On February 15, 1934, while serving as U.S. Congressman from Mississippi, Thomas Jefferson Busby (1884-1964) introduced a bill authorizing a survey of the Old Natchez Trace. Four years later, the historic road was designated a unit of the National Park System. This area is named in Jeff Busby's honor to commemorate his part in the Parkway's establishment.
Little Mountain - on a clear day from here atop Little Mountain you can see about 20 miles. The ridges and valleys are part of a geological land form called the Wilcox series that extends northeast into Alabama. Some 50 million years ago the Wilcox existed as layers of sand and mud. Pressure of overlying sediments and early upheavals have resulted in those layers being tilted and converted into sandstone and shale. More resistant to erosion than the shale, the sandstone portions are the present day ridges.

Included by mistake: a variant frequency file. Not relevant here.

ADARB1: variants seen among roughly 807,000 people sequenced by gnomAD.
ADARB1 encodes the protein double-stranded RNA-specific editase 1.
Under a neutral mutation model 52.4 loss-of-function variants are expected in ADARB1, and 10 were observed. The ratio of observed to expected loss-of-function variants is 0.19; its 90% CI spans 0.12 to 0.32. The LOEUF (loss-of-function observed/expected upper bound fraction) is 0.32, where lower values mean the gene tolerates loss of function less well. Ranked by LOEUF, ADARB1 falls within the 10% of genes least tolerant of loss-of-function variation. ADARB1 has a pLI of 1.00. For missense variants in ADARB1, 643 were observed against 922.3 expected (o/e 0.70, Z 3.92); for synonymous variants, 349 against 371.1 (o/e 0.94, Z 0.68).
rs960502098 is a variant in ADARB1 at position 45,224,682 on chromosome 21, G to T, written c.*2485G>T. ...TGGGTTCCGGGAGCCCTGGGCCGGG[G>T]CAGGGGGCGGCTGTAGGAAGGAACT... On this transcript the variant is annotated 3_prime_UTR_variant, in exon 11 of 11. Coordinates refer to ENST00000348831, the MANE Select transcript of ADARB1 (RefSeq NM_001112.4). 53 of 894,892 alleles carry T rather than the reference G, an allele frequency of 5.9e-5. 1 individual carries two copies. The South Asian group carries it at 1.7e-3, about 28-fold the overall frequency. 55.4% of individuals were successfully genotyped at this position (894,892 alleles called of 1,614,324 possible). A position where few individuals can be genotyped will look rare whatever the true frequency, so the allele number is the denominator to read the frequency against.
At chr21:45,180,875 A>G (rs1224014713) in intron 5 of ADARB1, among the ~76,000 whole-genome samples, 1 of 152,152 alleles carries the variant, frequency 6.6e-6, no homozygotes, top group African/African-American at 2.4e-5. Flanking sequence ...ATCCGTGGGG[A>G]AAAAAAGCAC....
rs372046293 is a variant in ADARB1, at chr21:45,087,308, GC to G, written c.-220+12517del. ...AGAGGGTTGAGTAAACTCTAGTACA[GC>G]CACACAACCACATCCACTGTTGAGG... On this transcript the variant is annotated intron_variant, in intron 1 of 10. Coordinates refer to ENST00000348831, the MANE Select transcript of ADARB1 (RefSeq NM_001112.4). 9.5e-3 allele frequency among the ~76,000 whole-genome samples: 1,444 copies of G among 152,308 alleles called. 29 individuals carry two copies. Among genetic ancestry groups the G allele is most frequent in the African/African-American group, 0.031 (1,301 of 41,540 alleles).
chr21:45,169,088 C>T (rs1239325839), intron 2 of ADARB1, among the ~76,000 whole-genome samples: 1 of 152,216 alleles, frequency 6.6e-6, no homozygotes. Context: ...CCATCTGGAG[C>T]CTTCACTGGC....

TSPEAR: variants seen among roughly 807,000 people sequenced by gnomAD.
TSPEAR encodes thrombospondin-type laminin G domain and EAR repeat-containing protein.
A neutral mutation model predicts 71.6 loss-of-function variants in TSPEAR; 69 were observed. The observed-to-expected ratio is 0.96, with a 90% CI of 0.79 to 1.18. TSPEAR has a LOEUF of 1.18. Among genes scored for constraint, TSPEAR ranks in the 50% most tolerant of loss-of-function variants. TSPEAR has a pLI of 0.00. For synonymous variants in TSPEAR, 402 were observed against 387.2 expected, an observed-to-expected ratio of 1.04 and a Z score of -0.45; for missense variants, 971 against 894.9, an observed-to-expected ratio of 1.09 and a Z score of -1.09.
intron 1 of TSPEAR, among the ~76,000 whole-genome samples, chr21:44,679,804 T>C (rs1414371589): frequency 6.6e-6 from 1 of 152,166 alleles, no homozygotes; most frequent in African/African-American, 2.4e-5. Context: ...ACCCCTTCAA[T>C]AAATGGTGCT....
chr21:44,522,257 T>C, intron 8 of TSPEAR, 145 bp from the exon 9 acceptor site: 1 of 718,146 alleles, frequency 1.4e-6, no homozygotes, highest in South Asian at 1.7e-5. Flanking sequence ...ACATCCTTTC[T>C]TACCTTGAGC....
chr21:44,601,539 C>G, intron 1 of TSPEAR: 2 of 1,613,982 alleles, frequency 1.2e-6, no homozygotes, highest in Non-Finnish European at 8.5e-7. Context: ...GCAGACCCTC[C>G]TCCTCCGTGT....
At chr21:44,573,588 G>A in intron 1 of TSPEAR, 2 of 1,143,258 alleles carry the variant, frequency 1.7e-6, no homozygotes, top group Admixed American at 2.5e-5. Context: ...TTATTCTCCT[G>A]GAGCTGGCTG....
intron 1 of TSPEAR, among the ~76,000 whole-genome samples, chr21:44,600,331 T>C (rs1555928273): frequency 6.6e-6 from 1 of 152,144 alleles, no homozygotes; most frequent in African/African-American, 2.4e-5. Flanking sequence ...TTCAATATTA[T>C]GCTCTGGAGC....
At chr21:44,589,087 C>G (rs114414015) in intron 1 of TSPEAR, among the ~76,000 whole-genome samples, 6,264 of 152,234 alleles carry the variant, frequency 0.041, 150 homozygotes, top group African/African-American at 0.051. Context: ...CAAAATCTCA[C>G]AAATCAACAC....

A one half mile long loop nature trail descends into a shady hollow. You can easily complete the loop in 30 minutes. However, the more time you allow the more you will see and hear. Walk gently and give the forest residents a chance to welcome you into their home. A one half mile long side trail from the loop leads to the campground.
Today, the Jeff Busby site includes an 18-site campground, picnic tables, restrooms, trails, exhibits and an overlook atop Little Mountain.